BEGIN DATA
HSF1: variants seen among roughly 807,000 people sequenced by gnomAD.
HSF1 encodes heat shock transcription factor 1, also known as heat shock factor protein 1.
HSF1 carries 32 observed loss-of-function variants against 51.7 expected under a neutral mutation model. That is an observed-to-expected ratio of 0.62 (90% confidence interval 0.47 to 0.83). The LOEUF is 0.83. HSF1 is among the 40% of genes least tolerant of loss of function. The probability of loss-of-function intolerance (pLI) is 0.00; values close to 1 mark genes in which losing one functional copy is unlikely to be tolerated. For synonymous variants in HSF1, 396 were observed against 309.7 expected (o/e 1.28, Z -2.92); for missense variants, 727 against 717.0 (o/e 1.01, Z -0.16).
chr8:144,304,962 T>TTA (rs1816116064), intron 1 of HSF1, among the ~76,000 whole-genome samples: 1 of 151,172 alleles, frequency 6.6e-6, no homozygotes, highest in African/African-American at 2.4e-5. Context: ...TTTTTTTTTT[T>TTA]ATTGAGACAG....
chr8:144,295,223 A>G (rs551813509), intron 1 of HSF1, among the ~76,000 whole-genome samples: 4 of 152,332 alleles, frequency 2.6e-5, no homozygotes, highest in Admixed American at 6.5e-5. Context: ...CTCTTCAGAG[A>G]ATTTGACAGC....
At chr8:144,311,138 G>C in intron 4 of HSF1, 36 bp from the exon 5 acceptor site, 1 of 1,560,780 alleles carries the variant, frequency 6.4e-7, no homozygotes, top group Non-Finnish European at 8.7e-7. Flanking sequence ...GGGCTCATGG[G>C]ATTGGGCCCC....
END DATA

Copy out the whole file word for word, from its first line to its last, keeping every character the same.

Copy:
HSF1: variants seen among roughly 807,000 people sequenced by gnomAD.
HSF1 encodes heat shock transcription factor 1, also known as heat shock factor protein 1.
HSF1 carries 32 observed loss-of-function variants against 51.7 expected under a neutral mutation model. That is an observed-to-expected ratio of 0.62 (90% confidence interval 0.47 to 0.83). The LOEUF is 0.83. HSF1 is among the 40% of genes least tolerant of loss of function. The probability of loss-of-function intolerance (pLI) is 0.00; values close to 1 mark genes in which losing one functional copy is unlikely to be tolerated. For synonymous variants in HSF1, 396 were observed against 309.7 expected (o/e 1.28, Z -2.92); for missense variants, 727 against 717.0 (o/e 1.01, Z -0.16).
chr8:144,304,962 T>TTA (rs1816116064), intron 1 of HSF1, among the ~76,000 whole-genome samples: 1 of 151,172 alleles, frequency 6.6e-6, no homozygotes, highest in African/African-American at 2.4e-5. Context: ...TTTTTTTTTT[T>TTA]ATTGAGACAG....
chr8:144,295,223 A>G (rs551813509), intron 1 of HSF1, among the ~76,000 whole-genome samples: 4 of 152,332 alleles, frequency 2.6e-5, no homozygotes, highest in Admixed American at 6.5e-5. Context: ...CTCTTCAGAG[A>G]ATTTGACAGC....
At chr8:144,311,138 G>C in intron 4 of HSF1, 36 bp from the exon 5 acceptor site, 1 of 1,560,780 alleles carries the variant, frequency 6.4e-7, no homozygotes, top group Non-Finnish European at 8.7e-7. Flanking sequence ...GGGCTCATGG[G>C]ATTGGGCCCC....